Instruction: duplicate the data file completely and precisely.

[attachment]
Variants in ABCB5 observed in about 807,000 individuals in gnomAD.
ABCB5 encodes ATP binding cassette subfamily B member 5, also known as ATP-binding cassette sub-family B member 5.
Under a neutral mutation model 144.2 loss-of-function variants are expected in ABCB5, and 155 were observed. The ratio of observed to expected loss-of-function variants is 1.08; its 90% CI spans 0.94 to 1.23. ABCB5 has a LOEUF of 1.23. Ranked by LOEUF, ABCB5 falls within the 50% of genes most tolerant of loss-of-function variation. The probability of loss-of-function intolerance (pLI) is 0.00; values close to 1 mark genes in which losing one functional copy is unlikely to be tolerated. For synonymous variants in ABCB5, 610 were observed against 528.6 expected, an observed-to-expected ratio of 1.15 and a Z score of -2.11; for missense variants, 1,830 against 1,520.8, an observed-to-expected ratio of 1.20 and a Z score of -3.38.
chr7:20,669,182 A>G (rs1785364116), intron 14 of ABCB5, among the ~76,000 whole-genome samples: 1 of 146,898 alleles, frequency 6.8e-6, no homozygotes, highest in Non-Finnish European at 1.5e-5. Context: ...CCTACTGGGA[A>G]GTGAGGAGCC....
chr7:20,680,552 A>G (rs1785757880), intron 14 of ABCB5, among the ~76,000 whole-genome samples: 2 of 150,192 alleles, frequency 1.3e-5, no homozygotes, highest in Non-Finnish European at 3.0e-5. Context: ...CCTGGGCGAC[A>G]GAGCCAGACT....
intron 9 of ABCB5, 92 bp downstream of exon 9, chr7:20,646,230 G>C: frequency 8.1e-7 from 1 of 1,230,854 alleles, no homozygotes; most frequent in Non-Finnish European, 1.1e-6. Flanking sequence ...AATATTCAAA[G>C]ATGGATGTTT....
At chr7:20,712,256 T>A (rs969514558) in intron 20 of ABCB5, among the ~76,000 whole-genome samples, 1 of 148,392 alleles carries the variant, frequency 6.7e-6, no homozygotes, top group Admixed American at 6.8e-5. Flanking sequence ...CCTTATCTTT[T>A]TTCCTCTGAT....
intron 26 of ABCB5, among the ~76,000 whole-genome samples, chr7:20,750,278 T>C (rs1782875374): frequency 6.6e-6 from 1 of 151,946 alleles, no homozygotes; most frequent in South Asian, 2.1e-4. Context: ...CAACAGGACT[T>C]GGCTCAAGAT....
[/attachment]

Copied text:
Variants in ABCB5 observed in about 807,000 individuals in gnomAD.
ABCB5 encodes ATP binding cassette subfamily B member 5, also known as ATP-binding cassette sub-family B member 5.
Under a neutral mutation model 144.2 loss-of-function variants are expected in ABCB5, and 155 were observed. The ratio of observed to expected loss-of-function variants is 1.08; its 90% CI spans 0.94 to 1.23. ABCB5 has a LOEUF of 1.23. Ranked by LOEUF, ABCB5 falls within the 50% of genes most tolerant of loss-of-function variation. The probability of loss-of-function intolerance (pLI) is 0.00; values close to 1 mark genes in which losing one functional copy is unlikely to be tolerated. For synonymous variants in ABCB5, 610 were observed against 528.6 expected, an observed-to-expected ratio of 1.15 and a Z score of -2.11; for missense variants, 1,830 against 1,520.8, an observed-to-expected ratio of 1.20 and a Z score of -3.38.
chr7:20,669,182 A>G (rs1785364116), intron 14 of ABCB5, among the ~76,000 whole-genome samples: 1 of 146,898 alleles, frequency 6.8e-6, no homozygotes, highest in Non-Finnish European at 1.5e-5. Context: ...CCTACTGGGA[A>G]GTGAGGAGCC....
chr7:20,680,552 A>G (rs1785757880), intron 14 of ABCB5, among the ~76,000 whole-genome samples: 2 of 150,192 alleles, frequency 1.3e-5, no homozygotes, highest in Non-Finnish European at 3.0e-5. Context: ...CCTGGGCGAC[A>G]GAGCCAGACT....
intron 9 of ABCB5, 92 bp downstream of exon 9, chr7:20,646,230 G>C: frequency 8.1e-7 from 1 of 1,230,854 alleles, no homozygotes; most frequent in Non-Finnish European, 1.1e-6. Flanking sequence ...AATATTCAAA[G>C]ATGGATGTTT....
At chr7:20,712,256 T>A (rs969514558) in intron 20 of ABCB5, among the ~76,000 whole-genome samples, 1 of 148,392 alleles carries the variant, frequency 6.7e-6, no homozygotes, top group Admixed American at 6.8e-5. Flanking sequence ...CCTTATCTTT[T>A]TTCCTCTGAT....
intron 26 of ABCB5, among the ~76,000 whole-genome samples, chr7:20,750,278 T>C (rs1782875374): frequency 6.6e-6 from 1 of 151,946 alleles, no homozygotes; most frequent in South Asian, 2.1e-4. Context: ...CAACAGGACT[T>C]GGCTCAAGAT....